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History 2179 Midterm: History WW1 Midterm

Course Code
HIS 2179
Andrew Iarocci
Study Guide

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History WW1 Midterm
Jue ,  Ahduke Faz Fediad assassiated i “aajeo …
Jul  Austia euests ad eeies Gea’s lak hek, pledgig uoditioal suppot if Russia
etes the a…
August 1 Germany declares war on Russia France order general mobilization
August 4 Britain declares war on Germany
Tensions between Austria-Hungary and Serbia, which had already been rising for several years over
territorial disputes, escalated further.
the kaiser pledged that if Russian troops did in fact advance on Austria-Hungary, Germany would help
fight off the attakes. This guaatee is ofte efeed to as Gea’s lak hek.
On August 3, Germany, in accordance with the Schlieffen Plan declared war on France as well. Germany
ade lea its itetio to oss the eutal atio Belgiu i ode to eah Fae’s least fotified
border, in violation of its own treaty in respect to neutral countries. Therefore, Britain, which had a
defense agreement with Belgium, declared war on Germany the next day, August 4, bringing the
number of countries involved up to six. There would soon be more.
On July 25, however, Serbia accepted Austria-Huga’s deads alost etiel—aside from just a few
conditions regarding Austria’s patiipatio i the judiial poess agaist the iials. Austia-
ULTIMATUM-Huga’s espose as sift: its eass i “eia losed ithi a half hou of eeiig
“eia’s ase, ad thee das late, o Jul , Austia delaed a o “eia. On July 29, the first
Austia atille shells fell o “eia’s apital, Belgade
Russia ordered a general mobilization of its troops on July 30, 1914
Germany, interpreting this move as a final decision by Russia to go to war, promptly ordered its own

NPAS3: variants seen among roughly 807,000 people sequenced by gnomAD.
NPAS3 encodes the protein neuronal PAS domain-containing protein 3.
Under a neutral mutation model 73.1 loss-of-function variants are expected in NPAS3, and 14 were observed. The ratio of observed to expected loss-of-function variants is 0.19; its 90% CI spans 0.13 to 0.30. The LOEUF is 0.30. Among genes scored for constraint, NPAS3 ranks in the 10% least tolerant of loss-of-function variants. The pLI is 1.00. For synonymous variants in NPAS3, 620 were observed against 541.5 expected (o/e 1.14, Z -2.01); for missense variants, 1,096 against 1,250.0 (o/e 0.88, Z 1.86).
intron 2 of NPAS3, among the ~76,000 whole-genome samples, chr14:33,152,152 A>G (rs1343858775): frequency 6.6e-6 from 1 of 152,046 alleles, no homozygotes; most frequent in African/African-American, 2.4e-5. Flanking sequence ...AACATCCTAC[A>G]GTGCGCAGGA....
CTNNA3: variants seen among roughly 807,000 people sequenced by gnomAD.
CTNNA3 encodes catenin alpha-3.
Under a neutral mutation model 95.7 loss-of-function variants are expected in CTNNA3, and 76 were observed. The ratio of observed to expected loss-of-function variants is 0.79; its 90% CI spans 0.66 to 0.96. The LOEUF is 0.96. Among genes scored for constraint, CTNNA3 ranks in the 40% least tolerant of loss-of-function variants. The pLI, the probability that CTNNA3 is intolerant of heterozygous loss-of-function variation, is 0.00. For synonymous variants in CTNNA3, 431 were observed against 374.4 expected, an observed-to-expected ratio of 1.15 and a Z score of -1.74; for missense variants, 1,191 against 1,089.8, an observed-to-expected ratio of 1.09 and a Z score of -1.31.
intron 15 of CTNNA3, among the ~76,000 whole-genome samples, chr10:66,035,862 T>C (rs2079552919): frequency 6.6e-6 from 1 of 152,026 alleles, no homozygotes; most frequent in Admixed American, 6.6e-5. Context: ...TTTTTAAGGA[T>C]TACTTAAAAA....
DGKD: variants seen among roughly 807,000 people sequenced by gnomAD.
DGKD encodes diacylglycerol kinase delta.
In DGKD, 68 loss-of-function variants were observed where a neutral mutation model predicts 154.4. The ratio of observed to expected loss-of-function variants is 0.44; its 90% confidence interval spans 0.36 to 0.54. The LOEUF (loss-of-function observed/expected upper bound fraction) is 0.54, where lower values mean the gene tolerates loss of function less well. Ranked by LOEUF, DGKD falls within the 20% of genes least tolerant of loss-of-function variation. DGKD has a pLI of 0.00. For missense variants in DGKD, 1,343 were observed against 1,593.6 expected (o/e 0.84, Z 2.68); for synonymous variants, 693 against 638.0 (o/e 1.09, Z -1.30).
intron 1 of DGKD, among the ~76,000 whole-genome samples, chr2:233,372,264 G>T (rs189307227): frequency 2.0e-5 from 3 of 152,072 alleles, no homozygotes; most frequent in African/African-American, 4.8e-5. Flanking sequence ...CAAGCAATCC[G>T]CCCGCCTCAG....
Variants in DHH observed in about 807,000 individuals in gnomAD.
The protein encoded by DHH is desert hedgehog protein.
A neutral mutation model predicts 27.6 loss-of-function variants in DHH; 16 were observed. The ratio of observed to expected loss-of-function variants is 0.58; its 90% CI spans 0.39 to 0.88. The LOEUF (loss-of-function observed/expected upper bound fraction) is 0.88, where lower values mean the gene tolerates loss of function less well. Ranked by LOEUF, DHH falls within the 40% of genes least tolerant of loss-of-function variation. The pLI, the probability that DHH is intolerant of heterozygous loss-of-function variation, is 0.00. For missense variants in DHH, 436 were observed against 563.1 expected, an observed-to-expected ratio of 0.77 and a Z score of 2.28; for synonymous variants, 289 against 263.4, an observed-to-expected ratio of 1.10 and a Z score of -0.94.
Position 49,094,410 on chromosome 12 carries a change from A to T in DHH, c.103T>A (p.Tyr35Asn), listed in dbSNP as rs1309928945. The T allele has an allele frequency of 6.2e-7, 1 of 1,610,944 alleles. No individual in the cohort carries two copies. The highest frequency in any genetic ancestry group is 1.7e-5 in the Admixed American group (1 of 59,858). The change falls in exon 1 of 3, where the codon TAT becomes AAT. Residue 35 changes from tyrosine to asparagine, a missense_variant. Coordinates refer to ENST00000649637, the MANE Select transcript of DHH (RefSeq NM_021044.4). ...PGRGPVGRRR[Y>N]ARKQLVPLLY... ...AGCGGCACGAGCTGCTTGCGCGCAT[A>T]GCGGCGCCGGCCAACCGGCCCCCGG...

a mix of unfortunate lapses in judgment on the part of political and military leaders, combined with a
tangled web of alliances and defense treaties that triggered declarations of war between countries that
really had little reason to be at war with each other.
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Allied Powers: An alliance during World War I that originally consisted of Russia, France, and Britain.
Many other countries, including Belgium, Canada, Greece, Italy, Japan, and Romania, joined later as
associate powers. Although the United States never joined the Allied Powerspreferring on principle to
fight the Central Powers independentlyit cooperated closely with the Allied Powers once it joined the
war in 1917.
Schlieffen Plan: A German military plan, formulated in 1905, that addressed how Germany should
handle the threat of a war on two fronts with Russia and France.
In short, the plan stipulated that if war were expected, Germany should
first attack France before embarking upon military actions against Russia.
The rationale for this approach was that Russia would require several weeks in order to mobilize its
troops and assemble them along the German border. Under the plan, Germany hoped
to overrun France in only six weeks
 attakig aoss Fae’s odes ith Belgiu and Holland, which were less fortified than the border
with Germany.
War of Attrition: A war in which victory is determined purely by which side is better able to endure
numerous, prolonged casualties (as opposed to a war in which victory is determined by accomplishing a